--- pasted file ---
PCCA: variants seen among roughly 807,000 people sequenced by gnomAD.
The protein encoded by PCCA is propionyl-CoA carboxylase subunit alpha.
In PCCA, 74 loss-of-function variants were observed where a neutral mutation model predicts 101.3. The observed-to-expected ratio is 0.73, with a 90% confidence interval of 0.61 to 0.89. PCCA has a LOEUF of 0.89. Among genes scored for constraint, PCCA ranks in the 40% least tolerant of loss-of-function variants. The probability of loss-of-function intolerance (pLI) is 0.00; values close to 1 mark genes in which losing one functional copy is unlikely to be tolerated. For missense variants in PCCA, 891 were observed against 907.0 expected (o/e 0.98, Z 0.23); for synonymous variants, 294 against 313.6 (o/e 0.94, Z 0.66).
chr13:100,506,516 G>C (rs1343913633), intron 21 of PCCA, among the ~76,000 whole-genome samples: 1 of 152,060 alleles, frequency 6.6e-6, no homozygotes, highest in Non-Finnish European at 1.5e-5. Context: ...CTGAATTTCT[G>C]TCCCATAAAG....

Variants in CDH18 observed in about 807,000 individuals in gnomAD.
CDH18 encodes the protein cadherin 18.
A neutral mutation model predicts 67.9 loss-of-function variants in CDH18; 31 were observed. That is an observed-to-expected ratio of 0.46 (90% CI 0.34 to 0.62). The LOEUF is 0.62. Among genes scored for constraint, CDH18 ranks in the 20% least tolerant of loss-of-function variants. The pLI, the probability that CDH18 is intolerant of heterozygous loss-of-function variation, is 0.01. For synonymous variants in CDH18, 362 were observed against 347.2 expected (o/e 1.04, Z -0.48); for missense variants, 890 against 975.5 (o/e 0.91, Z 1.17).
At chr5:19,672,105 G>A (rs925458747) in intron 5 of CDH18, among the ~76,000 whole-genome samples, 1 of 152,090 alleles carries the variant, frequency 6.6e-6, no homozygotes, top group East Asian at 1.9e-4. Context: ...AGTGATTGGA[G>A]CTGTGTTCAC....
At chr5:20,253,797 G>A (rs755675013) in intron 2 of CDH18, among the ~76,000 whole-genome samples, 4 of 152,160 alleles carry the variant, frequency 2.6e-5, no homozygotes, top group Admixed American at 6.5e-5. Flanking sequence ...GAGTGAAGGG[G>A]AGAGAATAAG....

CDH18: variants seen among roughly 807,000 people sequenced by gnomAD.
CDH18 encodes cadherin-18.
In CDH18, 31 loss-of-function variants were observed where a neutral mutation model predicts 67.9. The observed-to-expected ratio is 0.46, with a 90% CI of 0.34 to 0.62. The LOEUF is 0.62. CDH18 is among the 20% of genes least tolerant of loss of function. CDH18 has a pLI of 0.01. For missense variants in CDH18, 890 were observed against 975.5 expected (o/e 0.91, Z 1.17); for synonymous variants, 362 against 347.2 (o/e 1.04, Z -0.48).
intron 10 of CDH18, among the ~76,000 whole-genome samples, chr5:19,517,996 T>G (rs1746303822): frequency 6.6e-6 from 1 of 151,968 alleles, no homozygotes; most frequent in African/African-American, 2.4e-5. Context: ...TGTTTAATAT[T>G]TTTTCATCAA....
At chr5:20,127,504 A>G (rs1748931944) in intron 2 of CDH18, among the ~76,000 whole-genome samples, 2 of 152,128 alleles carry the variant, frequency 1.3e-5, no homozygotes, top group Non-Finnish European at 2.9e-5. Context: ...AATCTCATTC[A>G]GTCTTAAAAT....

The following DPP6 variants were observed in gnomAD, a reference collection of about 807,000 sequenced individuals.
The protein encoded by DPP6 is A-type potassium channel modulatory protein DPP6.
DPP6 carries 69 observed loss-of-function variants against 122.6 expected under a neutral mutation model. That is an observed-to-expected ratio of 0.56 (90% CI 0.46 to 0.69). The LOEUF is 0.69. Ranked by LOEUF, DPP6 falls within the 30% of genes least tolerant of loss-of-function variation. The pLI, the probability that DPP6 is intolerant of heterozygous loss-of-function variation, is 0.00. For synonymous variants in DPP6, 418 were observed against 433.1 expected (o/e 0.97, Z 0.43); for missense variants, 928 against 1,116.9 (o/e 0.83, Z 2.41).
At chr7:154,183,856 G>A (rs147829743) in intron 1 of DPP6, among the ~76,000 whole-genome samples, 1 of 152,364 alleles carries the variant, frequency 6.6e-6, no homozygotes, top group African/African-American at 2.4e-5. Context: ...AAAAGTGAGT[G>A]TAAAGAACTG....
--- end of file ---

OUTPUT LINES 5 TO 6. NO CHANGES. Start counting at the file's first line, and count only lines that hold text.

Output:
Variants in CDH18 observed in about 807,000 individuals in gnomAD.
CDH18 encodes the protein cadherin 18.